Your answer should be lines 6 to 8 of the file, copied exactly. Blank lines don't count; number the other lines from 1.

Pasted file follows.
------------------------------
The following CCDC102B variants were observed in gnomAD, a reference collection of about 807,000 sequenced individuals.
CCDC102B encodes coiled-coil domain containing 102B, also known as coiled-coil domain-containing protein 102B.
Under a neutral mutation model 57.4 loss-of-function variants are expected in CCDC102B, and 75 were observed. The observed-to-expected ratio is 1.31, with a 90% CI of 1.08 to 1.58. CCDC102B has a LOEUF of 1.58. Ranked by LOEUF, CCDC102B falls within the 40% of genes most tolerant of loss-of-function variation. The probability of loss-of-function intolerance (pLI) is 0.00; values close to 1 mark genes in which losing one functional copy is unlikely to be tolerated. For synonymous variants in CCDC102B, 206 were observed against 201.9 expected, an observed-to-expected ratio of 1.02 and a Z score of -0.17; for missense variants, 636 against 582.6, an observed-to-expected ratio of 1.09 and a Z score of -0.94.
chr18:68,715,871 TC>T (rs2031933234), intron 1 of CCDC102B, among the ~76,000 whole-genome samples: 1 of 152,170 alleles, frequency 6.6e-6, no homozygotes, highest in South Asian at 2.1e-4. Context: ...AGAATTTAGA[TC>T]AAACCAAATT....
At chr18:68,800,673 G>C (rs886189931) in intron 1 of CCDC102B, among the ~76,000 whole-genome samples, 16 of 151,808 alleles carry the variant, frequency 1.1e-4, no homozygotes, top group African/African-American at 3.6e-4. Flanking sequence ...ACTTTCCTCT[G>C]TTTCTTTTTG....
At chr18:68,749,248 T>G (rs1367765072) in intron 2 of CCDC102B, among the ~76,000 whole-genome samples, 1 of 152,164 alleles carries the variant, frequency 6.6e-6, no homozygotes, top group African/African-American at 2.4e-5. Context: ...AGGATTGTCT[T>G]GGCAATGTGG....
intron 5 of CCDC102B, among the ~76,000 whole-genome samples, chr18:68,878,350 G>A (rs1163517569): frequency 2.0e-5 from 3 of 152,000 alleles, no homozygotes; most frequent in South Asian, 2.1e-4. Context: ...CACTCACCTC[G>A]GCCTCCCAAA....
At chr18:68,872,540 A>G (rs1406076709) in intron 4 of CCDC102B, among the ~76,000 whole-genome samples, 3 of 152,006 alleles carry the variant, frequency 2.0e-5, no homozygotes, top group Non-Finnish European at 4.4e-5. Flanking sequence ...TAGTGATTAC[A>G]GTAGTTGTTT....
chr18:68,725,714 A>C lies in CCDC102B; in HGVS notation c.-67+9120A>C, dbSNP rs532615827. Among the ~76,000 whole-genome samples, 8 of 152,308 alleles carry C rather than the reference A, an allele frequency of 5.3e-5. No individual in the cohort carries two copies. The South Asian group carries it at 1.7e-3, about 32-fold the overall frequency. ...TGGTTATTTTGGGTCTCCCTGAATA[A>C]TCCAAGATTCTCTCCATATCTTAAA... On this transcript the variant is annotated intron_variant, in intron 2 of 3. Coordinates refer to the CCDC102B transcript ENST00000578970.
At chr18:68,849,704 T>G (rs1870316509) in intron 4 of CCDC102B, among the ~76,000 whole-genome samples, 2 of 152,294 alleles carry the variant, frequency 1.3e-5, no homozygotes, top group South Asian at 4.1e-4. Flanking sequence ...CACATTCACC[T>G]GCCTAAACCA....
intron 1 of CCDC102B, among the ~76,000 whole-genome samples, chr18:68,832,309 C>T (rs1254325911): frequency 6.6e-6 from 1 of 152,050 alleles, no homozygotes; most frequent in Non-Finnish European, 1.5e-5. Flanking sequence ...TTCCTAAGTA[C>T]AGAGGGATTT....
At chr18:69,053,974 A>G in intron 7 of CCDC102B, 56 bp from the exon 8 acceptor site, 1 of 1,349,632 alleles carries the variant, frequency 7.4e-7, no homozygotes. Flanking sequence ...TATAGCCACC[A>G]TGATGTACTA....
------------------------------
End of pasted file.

At chr18:68,749,248 T>G (rs1367765072) in intron 2 of CCDC102B, among the ~76,000 whole-genome samples, 1 of 152,164 alleles carries the variant, frequency 6.6e-6, no homozygotes, top group African/African-American at 2.4e-5. Context: ...AGGATTGTCT[T>G]GGCAATGTGG....
intron 5 of CCDC102B, among the ~76,000 whole-genome samples, chr18:68,878,350 G>A (rs1163517569): frequency 2.0e-5 from 3 of 152,000 alleles, no homozygotes; most frequent in South Asian, 2.1e-4. Context: ...CACTCACCTC[G>A]GCCTCCCAAA....
At chr18:68,872,540 A>G (rs1406076709) in intron 4 of CCDC102B, among the ~76,000 whole-genome samples, 3 of 152,006 alleles carry the variant, frequency 2.0e-5, no homozygotes, top group Non-Finnish European at 4.4e-5. Flanking sequence ...TAGTGATTAC[A>G]GTAGTTGTTT....